Mados is a species of fish, a virtual name inherited from when I created the blog years ago planning to use it to share underwater photos from snorkelling. I still love water, but my blog is not at all about fish*.
The stripey fellas are mados, stalking Bluey (the blue groper) around like a sticky underwater cloud
After its failed underwater photography mission, my blog went through different phases: workplace sociology, virtual freelance work skills development, entrepreneurship. Most were brief fads because I wasn’t genuinely interested in them, but invented them as utility justifications for writing a blog, when I really felt I ought to adult up and spend my time more usefully, like: find a job or freelance work.
More than anything, I’ve tried to use it as a tool to obtain skills or knowledge which I could be useful to try to solve my chronic employment/income problems. For a long time its purpose was to motivate myself to learn and practice skills that would empower me to work freelance online, such as:
- Acquire knowledge about how to start and run a small business
- Motivate myself to undertake freelance jobs, and make them more interesting by making them into analytical process studies or therapy
- Improve my English Writing Skills
- and force myself to put my head around extremely boring useful concepts like:
(I’ve long ago deleted the few posts I managed to write about the above shown types of topics, because I felt they sounded stilted and fake. Same with some of my early general business posts)
It was not a bad strategy. I did learn things about freelance work, improved my English writing skills (I think) and cured myself of Telephobia, but didn’t manage to build the fundament for succeeding as self-employed: motivation for writing product marketing content, superficial bulk articles, and other sellable freelancer services. Utility just isn’t a powerful enough engine for me.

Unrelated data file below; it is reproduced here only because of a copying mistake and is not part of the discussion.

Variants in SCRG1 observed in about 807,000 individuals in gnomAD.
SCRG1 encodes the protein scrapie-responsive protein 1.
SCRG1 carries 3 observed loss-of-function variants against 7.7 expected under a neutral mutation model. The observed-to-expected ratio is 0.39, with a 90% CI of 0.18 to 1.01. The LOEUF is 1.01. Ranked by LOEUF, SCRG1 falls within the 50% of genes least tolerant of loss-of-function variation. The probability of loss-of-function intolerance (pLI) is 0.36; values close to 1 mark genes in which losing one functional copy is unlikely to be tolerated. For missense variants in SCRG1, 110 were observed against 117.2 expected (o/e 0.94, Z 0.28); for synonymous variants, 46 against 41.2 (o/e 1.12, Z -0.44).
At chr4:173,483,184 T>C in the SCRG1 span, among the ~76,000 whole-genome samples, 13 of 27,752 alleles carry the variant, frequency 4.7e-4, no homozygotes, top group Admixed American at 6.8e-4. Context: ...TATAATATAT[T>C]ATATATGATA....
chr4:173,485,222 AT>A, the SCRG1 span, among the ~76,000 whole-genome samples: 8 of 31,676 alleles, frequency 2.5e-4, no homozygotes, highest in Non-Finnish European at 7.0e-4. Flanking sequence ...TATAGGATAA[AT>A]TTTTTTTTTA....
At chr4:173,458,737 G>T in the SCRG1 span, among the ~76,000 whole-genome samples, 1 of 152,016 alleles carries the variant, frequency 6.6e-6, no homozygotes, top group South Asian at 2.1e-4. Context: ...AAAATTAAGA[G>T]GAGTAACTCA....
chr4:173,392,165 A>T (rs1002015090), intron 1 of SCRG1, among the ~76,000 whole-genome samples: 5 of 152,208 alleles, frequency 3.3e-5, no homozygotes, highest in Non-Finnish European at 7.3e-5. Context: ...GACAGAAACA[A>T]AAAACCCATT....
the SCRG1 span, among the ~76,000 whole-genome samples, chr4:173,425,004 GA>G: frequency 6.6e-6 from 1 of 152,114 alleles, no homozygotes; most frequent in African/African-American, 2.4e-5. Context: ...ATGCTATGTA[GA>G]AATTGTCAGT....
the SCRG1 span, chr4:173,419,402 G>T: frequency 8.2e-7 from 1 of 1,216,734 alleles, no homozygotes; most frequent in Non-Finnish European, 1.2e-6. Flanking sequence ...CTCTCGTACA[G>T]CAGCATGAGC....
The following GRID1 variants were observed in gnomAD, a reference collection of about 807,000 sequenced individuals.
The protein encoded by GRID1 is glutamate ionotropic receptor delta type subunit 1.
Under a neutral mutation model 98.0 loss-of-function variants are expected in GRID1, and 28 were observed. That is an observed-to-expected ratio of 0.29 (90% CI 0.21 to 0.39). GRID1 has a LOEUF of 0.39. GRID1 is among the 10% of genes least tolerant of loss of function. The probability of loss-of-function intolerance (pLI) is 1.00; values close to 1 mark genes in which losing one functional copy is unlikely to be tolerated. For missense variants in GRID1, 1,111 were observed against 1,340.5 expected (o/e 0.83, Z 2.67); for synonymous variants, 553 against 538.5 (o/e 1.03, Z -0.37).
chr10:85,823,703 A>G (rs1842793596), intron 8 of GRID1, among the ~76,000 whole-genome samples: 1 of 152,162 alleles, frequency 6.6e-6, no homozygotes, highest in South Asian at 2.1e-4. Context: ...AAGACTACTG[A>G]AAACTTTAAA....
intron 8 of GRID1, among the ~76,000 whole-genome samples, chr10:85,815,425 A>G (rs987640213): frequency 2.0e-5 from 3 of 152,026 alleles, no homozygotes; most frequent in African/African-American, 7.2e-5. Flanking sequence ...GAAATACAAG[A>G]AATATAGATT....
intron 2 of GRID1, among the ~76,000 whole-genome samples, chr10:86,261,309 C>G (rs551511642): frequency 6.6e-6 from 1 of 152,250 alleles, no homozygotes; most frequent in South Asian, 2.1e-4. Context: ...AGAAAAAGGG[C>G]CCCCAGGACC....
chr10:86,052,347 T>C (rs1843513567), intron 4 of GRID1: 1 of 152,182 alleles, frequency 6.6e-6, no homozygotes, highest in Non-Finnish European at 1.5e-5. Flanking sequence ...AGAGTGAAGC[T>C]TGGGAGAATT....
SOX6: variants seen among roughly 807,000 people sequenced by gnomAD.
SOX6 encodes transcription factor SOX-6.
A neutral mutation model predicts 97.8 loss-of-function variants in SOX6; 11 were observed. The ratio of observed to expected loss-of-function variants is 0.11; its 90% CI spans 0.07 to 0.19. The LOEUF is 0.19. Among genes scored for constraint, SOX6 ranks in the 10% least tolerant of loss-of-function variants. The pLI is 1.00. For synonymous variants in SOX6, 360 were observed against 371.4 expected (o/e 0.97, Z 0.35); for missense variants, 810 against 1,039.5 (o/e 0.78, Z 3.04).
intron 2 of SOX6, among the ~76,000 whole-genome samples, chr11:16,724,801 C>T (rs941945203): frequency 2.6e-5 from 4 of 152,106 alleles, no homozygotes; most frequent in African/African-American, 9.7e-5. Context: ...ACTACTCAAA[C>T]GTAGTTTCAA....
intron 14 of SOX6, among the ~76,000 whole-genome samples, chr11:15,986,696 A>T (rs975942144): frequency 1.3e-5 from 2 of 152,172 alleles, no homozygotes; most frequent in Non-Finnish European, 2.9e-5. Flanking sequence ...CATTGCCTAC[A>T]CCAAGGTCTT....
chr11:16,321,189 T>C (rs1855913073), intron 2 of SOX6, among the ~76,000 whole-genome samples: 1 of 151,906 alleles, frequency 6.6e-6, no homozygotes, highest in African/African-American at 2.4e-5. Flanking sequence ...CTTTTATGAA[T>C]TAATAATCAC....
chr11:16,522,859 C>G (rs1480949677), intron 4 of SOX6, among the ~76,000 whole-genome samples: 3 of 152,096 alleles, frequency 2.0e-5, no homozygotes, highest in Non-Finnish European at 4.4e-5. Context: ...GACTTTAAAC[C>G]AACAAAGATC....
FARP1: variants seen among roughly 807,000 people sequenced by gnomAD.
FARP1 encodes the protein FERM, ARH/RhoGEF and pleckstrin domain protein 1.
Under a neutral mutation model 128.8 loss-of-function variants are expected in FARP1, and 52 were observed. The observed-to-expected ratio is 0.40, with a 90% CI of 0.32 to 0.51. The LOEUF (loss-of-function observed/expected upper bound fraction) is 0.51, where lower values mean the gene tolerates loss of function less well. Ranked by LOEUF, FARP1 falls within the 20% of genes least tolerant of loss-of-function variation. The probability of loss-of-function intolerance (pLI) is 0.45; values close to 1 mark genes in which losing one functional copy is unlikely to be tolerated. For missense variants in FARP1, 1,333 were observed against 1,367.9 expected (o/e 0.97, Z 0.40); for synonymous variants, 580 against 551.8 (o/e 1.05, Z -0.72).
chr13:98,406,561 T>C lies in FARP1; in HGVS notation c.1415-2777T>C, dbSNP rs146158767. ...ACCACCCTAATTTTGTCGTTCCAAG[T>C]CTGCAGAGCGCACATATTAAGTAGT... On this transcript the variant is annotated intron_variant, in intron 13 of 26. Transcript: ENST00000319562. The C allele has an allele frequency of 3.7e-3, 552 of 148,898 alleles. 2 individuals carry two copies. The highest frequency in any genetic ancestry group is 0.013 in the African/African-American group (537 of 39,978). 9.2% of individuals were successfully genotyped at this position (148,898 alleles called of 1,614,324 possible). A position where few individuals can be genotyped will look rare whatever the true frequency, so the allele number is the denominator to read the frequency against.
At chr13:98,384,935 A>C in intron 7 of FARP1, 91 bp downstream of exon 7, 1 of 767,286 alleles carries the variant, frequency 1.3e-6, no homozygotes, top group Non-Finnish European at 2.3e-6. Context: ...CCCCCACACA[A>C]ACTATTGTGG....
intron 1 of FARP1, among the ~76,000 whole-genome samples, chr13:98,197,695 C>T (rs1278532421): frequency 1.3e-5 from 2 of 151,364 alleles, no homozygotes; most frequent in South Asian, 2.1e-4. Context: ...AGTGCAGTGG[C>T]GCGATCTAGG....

Initially when I wrote about self-employment, I carefully filtered out my mental challenges. I either didn’t write anything personal at all, or I kept it superficial, jovial, mentioning only aspects that I thought were “business relevant”. My mental situation peaked out indirectly through my general employment situation and the challenges I was trying to work on (the reason I needed the utility focus), but otherwise my mental reality was largely muted in my writing; too weird to name, to nameless to describe.
Muted aspects included things like: how irrelevant details in the surroundings overwhelmed and invaded me, how I was thinking my way through social interactions trying to script like crazy, how it was often awkward and surreal to be around other people, how I struggled to grasp what was expected from me in conversations and to hear and understand what was being said while constantly trying to filter out all the irrelevant aspects of the surroundings that intruded, overwhelmed, distracted, startled, dominated with different meanings, tinted, fragmented situations that were supposed to be shared social realities. how conversations could be like surreal verbal carrousels.